Although I identified a technical hurdle limiting understandability of the code it wasn't until I heard the responses to the left-pad problem that I realized the problem isn't technical at all. It is purely a management problem of the code. This is a design problem more so than an execution problem. This is the thinking that led me to design an alternative. I knew I could do this not because of confidence in my programming skills, but because they identified a unique problem to solve that they are less willing or capable of solving themselves.
referenced this issue
Nov 23, 2016
referenced this issue
Dec 2, 2016
As a maintainer of Yarn there are a couple things developers need from distribution to be successful.
Yarn has checksums, so this one is done.
I should have the ability to publish my application in a variety of different flavors simultaneously. If somebody wanted to tinker with my application they should be able to request the entire thing unit tests and all (4mb zip). If they want only command line operation (170kb zip) then they shouldn't have download the other 4mb of nonsense. biddle does this and Yarn could too.
Because NPM and Yarn don't have this many developers publish one version to their git server for storage, and different version to NPM that is only good for use in a limited context. Sometimes, if the application is popular enough and well staffed, they will publish multiple variations to NPM to manually work around this limitation. All of this can be automated.
Dependency management sucks. It's hard. Fine, I got it. Either you are taking that pain as a product owner or you are forcing that stupidity upon your users. It makes for horribly fragile software that breaks all the time. This problem is magnified for Chinese users behind the Great Firewall. They really hate this madness.
This NPM style dependency madness should be optional and disabled by default. Its great for software developers who are more consumers than publishers and really need that level of convenience, but I wouldn't trust or endorse any application in production like this.
By default dependencies should be rolled up into the published artifact. Consider, for instance, when you download something from Steam. Are you download one large file or a million snowflakes? The installation step should be automatically managed by the distribution app according to instructions provided by the application's author. There is no dependency madness and limited configuration hell. The user just requests their application and achieves immediate satisfaction.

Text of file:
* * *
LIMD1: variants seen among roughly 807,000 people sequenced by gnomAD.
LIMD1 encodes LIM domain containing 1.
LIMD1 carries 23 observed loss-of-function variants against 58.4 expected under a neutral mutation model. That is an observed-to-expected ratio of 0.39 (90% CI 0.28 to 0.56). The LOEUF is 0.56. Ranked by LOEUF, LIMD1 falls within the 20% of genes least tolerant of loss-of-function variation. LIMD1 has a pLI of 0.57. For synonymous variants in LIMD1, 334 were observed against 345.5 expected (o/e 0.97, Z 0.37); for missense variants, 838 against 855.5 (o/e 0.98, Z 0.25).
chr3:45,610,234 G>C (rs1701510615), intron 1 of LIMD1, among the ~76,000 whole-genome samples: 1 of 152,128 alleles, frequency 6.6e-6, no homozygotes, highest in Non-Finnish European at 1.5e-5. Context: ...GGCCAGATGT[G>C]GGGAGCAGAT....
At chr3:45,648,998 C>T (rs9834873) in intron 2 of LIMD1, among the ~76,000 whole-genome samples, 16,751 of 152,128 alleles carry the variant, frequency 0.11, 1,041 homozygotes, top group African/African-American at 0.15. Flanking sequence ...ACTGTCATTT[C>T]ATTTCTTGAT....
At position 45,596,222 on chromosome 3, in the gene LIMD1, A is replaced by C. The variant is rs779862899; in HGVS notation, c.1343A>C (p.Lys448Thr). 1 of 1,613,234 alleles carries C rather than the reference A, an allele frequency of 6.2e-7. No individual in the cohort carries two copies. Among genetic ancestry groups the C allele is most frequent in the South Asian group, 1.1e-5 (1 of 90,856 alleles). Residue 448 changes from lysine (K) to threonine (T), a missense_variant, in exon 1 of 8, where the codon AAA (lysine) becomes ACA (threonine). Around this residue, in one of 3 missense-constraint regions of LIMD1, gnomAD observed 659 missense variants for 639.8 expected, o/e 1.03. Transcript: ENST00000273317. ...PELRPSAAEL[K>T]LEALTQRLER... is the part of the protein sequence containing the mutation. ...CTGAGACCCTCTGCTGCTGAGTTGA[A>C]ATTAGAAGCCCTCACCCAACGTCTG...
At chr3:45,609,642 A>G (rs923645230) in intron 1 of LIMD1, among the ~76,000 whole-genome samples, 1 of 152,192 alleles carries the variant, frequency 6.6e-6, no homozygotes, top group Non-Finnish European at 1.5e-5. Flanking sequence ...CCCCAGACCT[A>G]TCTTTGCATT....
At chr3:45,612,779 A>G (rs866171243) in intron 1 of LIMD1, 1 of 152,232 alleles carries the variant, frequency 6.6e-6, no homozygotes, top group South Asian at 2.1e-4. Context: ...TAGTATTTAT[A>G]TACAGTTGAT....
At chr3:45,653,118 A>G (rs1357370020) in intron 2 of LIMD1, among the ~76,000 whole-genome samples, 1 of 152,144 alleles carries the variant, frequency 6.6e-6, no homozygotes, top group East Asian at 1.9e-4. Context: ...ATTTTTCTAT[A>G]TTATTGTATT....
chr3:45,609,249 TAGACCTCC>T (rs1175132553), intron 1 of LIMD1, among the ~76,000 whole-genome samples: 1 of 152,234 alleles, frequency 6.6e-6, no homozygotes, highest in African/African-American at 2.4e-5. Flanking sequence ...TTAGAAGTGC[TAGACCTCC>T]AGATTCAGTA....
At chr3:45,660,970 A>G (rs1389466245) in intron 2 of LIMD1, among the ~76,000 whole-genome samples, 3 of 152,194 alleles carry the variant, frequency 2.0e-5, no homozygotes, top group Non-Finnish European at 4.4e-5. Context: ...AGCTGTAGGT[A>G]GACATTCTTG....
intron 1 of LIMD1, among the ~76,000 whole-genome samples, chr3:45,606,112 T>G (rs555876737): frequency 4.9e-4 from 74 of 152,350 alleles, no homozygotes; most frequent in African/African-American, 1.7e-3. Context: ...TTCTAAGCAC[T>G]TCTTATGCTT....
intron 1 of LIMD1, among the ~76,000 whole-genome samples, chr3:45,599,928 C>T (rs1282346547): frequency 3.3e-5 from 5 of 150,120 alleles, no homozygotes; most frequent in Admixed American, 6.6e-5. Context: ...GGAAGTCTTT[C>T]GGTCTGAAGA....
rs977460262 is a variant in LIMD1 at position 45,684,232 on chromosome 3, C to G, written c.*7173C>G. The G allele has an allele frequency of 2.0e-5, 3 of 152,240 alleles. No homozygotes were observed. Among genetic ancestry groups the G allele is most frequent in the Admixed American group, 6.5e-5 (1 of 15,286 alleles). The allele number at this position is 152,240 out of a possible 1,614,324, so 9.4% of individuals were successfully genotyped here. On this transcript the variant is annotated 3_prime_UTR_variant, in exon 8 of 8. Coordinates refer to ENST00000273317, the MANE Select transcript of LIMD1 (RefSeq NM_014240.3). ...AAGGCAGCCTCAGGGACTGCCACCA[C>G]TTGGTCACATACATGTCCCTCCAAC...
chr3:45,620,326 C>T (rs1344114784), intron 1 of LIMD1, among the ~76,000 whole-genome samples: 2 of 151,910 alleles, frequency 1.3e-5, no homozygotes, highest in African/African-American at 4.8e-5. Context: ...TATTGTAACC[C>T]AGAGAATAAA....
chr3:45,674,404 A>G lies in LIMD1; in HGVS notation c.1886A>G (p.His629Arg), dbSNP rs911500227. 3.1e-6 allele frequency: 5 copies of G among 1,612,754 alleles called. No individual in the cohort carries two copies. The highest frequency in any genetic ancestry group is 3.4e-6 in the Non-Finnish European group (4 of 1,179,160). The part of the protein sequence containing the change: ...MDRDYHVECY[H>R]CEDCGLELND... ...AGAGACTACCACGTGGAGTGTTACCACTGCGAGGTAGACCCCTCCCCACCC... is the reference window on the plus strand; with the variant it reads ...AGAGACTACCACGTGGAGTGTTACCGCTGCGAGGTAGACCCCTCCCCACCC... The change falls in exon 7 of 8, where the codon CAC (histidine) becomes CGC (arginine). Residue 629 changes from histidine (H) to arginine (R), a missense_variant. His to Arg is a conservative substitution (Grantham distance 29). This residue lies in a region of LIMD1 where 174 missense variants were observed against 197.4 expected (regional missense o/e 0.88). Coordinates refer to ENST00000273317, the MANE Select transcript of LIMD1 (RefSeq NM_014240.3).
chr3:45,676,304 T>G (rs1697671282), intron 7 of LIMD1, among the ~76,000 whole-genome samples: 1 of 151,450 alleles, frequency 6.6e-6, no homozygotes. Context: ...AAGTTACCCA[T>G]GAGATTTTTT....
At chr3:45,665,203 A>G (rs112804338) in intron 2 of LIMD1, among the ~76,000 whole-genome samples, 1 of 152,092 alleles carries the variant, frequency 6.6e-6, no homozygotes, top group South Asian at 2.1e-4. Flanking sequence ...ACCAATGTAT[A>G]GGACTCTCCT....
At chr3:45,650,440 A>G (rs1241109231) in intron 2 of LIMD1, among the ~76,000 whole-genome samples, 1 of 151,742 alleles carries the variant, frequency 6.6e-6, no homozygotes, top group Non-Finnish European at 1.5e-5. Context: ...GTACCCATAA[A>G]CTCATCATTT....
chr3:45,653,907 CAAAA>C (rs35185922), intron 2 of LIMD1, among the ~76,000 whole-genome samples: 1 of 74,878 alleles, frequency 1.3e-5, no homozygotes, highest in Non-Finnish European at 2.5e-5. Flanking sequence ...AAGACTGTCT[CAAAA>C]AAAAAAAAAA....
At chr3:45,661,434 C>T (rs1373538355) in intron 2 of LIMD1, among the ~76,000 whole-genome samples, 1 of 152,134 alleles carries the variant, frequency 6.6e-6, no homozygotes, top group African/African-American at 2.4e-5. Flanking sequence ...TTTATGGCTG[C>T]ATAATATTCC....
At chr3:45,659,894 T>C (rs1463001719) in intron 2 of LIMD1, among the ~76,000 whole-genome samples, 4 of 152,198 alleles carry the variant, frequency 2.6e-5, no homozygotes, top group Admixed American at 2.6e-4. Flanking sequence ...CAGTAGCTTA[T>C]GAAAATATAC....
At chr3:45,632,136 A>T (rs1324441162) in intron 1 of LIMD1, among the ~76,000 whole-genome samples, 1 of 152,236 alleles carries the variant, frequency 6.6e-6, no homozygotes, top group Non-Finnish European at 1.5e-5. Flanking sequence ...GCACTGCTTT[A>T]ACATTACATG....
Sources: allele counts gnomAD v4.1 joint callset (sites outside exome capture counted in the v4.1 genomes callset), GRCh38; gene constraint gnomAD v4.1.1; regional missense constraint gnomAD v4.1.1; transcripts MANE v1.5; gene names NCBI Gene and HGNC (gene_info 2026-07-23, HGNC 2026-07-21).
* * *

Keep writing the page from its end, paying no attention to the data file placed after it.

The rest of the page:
Nice to haves
Alternate Repositories of the Author's Choosing
I am a big believer in liberty. It is ultimately why I gave up on NPM. Regardless of all the best wishes, intentions, and desires a central repository is ultimately a beacon of censorship by two means. On one hand if there is a single universal standard repo then anything they don't like they could forbid, which is censorship by omission. Secondly, they could silence or eliminate something that is published, which is a purge. Let's not forget the primary cause of the Left-Pad failure was a trademark conflict.
The cure for this form of censorship to allow a package publisher the means to publish to any number of locations of their choosing.
When a package author has the freedom to choose where they publish to they get privacy for free. It is simply a matter of moving the publication point from the public network to the internal network. Privacy for free.
I work for the military where confidentiality is important. If the means to distribute software requires beacons to a centralized third party the military will never adopt it. If, on the other hand, there is no third party network traffic and confidentiality labels can be automatically applied to software at the publication point and are read before unpacking the zip the military would be all over it. This isn't just useful to the military, but is also useful to the corporate enterprise where legal documents and financial documents exist at a higher level of classification.